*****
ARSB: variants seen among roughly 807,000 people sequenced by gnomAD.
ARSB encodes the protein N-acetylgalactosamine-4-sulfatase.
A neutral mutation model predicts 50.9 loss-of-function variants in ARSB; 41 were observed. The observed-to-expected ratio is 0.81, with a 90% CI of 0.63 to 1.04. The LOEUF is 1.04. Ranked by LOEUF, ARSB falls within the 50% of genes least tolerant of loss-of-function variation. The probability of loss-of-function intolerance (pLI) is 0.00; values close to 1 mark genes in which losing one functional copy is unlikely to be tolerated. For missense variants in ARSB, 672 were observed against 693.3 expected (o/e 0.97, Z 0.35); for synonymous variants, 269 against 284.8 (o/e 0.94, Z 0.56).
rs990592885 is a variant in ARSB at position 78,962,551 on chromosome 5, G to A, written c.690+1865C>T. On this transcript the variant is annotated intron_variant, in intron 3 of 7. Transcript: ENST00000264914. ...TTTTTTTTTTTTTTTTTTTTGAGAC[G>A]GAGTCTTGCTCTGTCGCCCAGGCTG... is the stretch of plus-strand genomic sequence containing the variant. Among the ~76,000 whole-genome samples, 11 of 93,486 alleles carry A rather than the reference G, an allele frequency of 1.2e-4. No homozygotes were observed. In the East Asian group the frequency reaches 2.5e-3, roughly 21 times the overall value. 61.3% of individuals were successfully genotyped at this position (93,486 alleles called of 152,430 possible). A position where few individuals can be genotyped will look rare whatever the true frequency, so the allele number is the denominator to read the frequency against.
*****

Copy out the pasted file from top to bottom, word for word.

ARSB: variants seen among roughly 807,000 people sequenced by gnomAD.
ARSB encodes the protein N-acetylgalactosamine-4-sulfatase.
A neutral mutation model predicts 50.9 loss-of-function variants in ARSB; 41 were observed. The observed-to-expected ratio is 0.81, with a 90% CI of 0.63 to 1.04. The LOEUF is 1.04. Ranked by LOEUF, ARSB falls within the 50% of genes least tolerant of loss-of-function variation. The probability of loss-of-function intolerance (pLI) is 0.00; values close to 1 mark genes in which losing one functional copy is unlikely to be tolerated. For missense variants in ARSB, 672 were observed against 693.3 expected (o/e 0.97, Z 0.35); for synonymous variants, 269 against 284.8 (o/e 0.94, Z 0.56).
rs990592885 is a variant in ARSB at position 78,962,551 on chromosome 5, G to A, written c.690+1865C>T. On this transcript the variant is annotated intron_variant, in intron 3 of 7. Transcript: ENST00000264914. ...TTTTTTTTTTTTTTTTTTTTGAGAC[G>A]GAGTCTTGCTCTGTCGCCCAGGCTG... is the stretch of plus-strand genomic sequence containing the variant. Among the ~76,000 whole-genome samples, 11 of 93,486 alleles carry A rather than the reference G, an allele frequency of 1.2e-4. No homozygotes were observed. In the East Asian group the frequency reaches 2.5e-3, roughly 21 times the overall value. 61.3% of individuals were successfully genotyped at this position (93,486 alleles called of 152,430 possible). A position where few individuals can be genotyped will look rare whatever the true frequency, so the allele number is the denominator to read the frequency against.